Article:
Technical and Vocational Training Key to Economic Prospects – PM Holness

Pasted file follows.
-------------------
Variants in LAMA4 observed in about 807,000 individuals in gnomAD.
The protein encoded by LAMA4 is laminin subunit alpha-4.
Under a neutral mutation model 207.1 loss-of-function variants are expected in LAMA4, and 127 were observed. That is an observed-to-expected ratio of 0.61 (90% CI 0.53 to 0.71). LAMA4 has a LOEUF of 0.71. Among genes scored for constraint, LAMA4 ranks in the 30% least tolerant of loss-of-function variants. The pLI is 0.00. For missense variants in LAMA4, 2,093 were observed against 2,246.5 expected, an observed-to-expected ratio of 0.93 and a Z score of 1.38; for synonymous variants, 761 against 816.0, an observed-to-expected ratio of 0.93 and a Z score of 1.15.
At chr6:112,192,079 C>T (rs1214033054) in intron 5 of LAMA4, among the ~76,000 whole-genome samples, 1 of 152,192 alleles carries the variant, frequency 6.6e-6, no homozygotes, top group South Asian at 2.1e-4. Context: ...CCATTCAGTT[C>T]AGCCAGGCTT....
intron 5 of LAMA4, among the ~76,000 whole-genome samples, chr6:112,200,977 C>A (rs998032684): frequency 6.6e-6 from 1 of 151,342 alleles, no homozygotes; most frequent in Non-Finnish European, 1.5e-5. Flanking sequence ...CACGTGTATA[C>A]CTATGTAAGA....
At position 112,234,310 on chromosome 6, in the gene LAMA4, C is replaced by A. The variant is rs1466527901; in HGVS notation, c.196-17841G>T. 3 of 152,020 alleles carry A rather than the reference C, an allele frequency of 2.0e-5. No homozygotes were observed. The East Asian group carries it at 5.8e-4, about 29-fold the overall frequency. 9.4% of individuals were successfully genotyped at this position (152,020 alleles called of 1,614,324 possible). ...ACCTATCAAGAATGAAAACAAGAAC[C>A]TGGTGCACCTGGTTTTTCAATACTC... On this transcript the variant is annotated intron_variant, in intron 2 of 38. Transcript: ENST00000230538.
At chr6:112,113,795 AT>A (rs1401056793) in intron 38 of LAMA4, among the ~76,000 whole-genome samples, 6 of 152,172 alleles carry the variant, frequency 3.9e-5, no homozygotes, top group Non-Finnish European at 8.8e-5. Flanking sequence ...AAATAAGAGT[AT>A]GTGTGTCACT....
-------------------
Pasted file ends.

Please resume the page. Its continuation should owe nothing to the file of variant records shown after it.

first_img The Government is set to focus primarily on Technical and Vocational Training this year.The announcement was made yesterday (Thursday April 5) by Prime Minister Andrew Holness.The move comes as Prime Minister Holness said technical and vocational training and competence are critically linked to the country’s growth.“The truth is that our education system now is a binding constraint on our growth prospects,” said Prime Minister Holness.The Prime Minister disclosed that Jamaica is lacking in sufficient trained labour while industries are growing at a faster rate which the country should supply.“Technical and vocational training areas will be of focus. We have already started by merging the National Youth Service (NYS) and the Jamaica Foundation for Lifelong Learning (JFLL) merging those two with HEART TRUST NTA and that is an important and strategic move to create a truly national training organization to include and to provide services for those members of our population who are not attached to any institution of training,” said Prime Minister Holness.He noted that for the 2018/19 budget, Education received $101.6 billion compared to $98.9 billion last year.“We are making improvements but it is not happening as rapidly as we would like to see or as we would need to attain the economic growth and job creation successes that we would like,” said Mr. Holness.Mr. Holness further contends that there must be a shift to ensure Technical and Vocational apprenticeship.“We must garner, we must hone, take charge of and train those young people because they can immediately provide in a short period of time the labour force that we need to drive the new growth industries in our country,” said Prime Minister Holness.The Prime Minister was speaking at the Appreciation Function for former Principal of Spaldings High and Advisor to Prime Minister Holness, Alphansus Davis.In the meantime, Mr. Holness expressed his gratitude for the contribution made by Mr. Davis to the education sector.The Prime Minister charged the Member of Parliament, Richard Azan to write to the Minister of Education to formalize the request to rename Spaldings High in honour of Alphansus Davis.“I am a better person to have benefitted from the guidance and direction and fatherly advice of Alphansus Davis. He is a humble man, he is an honest man, he’s a caring man, he is a committed man, and he is truly a great Jamaican,” said Prime Minister Holness. “The truth is that our education system now is a binding constraint on our growth prospects,” said Prime Minister Holness. The move comes as Prime Minister Holness said technical and vocational training and competence are critically linked to the country’s growth. The Government is set to focus primarily on Technical and Vocational Training this year. Story Highlightslast_img read more